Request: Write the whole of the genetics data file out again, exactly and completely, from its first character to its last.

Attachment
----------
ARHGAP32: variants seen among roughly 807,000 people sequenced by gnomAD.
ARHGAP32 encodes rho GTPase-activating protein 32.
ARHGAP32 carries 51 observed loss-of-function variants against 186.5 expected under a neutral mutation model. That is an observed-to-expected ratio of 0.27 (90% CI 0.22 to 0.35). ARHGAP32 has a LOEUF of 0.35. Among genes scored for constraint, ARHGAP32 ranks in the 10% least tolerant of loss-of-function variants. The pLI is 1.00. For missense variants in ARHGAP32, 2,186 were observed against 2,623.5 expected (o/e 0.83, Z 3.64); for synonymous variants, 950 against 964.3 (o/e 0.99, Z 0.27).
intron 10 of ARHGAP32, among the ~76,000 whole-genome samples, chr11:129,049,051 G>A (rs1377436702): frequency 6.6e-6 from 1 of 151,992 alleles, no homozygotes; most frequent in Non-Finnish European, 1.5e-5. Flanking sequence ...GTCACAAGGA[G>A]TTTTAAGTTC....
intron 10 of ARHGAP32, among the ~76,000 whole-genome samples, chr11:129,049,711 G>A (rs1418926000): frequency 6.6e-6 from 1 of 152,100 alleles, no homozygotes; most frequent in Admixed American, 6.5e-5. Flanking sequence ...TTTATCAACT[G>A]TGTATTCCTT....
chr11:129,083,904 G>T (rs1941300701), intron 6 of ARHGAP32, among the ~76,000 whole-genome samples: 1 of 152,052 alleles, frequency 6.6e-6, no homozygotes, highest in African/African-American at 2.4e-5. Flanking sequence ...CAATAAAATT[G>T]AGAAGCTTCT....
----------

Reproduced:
ARHGAP32: variants seen among roughly 807,000 people sequenced by gnomAD.
ARHGAP32 encodes rho GTPase-activating protein 32.
ARHGAP32 carries 51 observed loss-of-function variants against 186.5 expected under a neutral mutation model. That is an observed-to-expected ratio of 0.27 (90% CI 0.22 to 0.35). ARHGAP32 has a LOEUF of 0.35. Among genes scored for constraint, ARHGAP32 ranks in the 10% least tolerant of loss-of-function variants. The pLI is 1.00. For missense variants in ARHGAP32, 2,186 were observed against 2,623.5 expected (o/e 0.83, Z 3.64); for synonymous variants, 950 against 964.3 (o/e 0.99, Z 0.27).
intron 10 of ARHGAP32, among the ~76,000 whole-genome samples, chr11:129,049,051 G>A (rs1377436702): frequency 6.6e-6 from 1 of 151,992 alleles, no homozygotes; most frequent in Non-Finnish European, 1.5e-5. Flanking sequence ...GTCACAAGGA[G>A]TTTTAAGTTC....
intron 10 of ARHGAP32, among the ~76,000 whole-genome samples, chr11:129,049,711 G>A (rs1418926000): frequency 6.6e-6 from 1 of 152,100 alleles, no homozygotes; most frequent in Admixed American, 6.5e-5. Flanking sequence ...TTTATCAACT[G>A]TGTATTCCTT....
chr11:129,083,904 G>T (rs1941300701), intron 6 of ARHGAP32, among the ~76,000 whole-genome samples: 1 of 152,052 alleles, frequency 6.6e-6, no homozygotes, highest in African/African-American at 2.4e-5. Flanking sequence ...CAATAAAATT[G>T]AGAAGCTTCT....